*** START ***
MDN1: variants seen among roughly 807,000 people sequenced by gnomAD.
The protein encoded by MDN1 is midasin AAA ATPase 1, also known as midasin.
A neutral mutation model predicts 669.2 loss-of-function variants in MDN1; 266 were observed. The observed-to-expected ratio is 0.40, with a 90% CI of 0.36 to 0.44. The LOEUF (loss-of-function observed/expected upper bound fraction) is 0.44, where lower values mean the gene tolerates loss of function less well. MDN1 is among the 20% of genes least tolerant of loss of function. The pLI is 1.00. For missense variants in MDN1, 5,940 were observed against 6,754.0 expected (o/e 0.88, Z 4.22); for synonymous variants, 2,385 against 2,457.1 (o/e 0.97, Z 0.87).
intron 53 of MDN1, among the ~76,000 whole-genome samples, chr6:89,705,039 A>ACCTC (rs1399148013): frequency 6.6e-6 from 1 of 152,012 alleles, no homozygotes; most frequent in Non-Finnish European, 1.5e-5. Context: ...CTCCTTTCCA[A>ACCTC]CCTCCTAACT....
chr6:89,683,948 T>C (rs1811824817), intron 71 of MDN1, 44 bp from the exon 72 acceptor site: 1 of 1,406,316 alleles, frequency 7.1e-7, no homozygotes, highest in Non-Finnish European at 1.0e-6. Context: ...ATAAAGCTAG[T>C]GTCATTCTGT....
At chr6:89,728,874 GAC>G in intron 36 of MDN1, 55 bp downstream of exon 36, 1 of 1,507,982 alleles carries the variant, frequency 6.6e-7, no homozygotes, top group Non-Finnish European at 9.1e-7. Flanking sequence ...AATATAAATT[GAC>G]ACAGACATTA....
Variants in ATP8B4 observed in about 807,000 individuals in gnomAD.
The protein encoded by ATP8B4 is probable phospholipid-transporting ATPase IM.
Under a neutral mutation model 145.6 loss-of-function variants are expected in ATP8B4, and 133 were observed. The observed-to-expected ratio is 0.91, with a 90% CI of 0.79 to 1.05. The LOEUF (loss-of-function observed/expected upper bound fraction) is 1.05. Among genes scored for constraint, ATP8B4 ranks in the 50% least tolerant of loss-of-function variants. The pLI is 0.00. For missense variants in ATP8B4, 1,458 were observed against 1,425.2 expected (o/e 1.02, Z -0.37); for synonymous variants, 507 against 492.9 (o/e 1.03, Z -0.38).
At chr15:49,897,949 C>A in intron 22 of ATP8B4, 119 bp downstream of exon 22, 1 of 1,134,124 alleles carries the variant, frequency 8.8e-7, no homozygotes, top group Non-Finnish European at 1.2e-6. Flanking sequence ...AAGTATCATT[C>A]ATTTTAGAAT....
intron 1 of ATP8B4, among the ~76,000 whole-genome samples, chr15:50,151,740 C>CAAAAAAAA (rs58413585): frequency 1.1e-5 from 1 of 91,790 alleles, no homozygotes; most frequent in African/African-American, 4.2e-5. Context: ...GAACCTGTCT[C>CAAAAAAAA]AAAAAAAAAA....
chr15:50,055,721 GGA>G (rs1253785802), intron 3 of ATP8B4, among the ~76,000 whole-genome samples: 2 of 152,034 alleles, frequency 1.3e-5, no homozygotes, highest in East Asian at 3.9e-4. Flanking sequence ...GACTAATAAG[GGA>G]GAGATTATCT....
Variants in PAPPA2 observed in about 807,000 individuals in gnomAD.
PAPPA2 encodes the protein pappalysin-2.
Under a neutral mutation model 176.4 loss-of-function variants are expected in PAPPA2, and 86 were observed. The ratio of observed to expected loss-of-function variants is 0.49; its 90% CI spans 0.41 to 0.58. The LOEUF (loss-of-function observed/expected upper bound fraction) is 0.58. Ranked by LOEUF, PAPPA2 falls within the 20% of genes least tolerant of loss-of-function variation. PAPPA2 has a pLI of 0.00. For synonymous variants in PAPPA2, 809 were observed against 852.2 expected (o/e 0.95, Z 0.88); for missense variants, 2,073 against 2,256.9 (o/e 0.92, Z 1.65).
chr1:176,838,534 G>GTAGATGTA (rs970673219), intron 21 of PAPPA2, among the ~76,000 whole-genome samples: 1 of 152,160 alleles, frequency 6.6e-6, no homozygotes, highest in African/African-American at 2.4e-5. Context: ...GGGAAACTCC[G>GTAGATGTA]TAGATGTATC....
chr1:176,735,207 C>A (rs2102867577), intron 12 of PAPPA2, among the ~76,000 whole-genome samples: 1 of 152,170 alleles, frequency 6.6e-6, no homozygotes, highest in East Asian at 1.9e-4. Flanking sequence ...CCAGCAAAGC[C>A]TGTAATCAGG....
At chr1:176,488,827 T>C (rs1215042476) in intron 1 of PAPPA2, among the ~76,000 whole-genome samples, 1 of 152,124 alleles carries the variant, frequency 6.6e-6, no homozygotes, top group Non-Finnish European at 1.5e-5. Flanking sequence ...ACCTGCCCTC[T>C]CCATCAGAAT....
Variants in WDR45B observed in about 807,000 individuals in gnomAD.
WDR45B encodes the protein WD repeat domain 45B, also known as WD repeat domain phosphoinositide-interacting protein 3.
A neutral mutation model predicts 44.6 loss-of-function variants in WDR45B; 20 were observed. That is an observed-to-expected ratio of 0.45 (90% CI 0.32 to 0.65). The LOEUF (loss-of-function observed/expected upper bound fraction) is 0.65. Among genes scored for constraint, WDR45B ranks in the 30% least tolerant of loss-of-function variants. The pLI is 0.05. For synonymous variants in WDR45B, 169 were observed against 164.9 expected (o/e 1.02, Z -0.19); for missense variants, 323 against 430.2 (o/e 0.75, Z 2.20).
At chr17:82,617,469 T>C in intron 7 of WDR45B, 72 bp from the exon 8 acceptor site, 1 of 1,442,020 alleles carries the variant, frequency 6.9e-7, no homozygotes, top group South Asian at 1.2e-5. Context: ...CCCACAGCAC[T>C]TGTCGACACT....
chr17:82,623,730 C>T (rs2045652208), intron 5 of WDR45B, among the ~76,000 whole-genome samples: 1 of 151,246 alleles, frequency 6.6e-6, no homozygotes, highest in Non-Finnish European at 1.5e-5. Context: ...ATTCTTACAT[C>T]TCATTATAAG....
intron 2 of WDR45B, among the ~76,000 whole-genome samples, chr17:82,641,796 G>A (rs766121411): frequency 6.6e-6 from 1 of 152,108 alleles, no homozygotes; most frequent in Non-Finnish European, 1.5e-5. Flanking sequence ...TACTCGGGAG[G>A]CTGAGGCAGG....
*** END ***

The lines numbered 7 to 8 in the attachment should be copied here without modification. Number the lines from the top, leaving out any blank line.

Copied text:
Variants in ATP8B4 observed in about 807,000 individuals in gnomAD.
The protein encoded by ATP8B4 is probable phospholipid-transporting ATPase IM.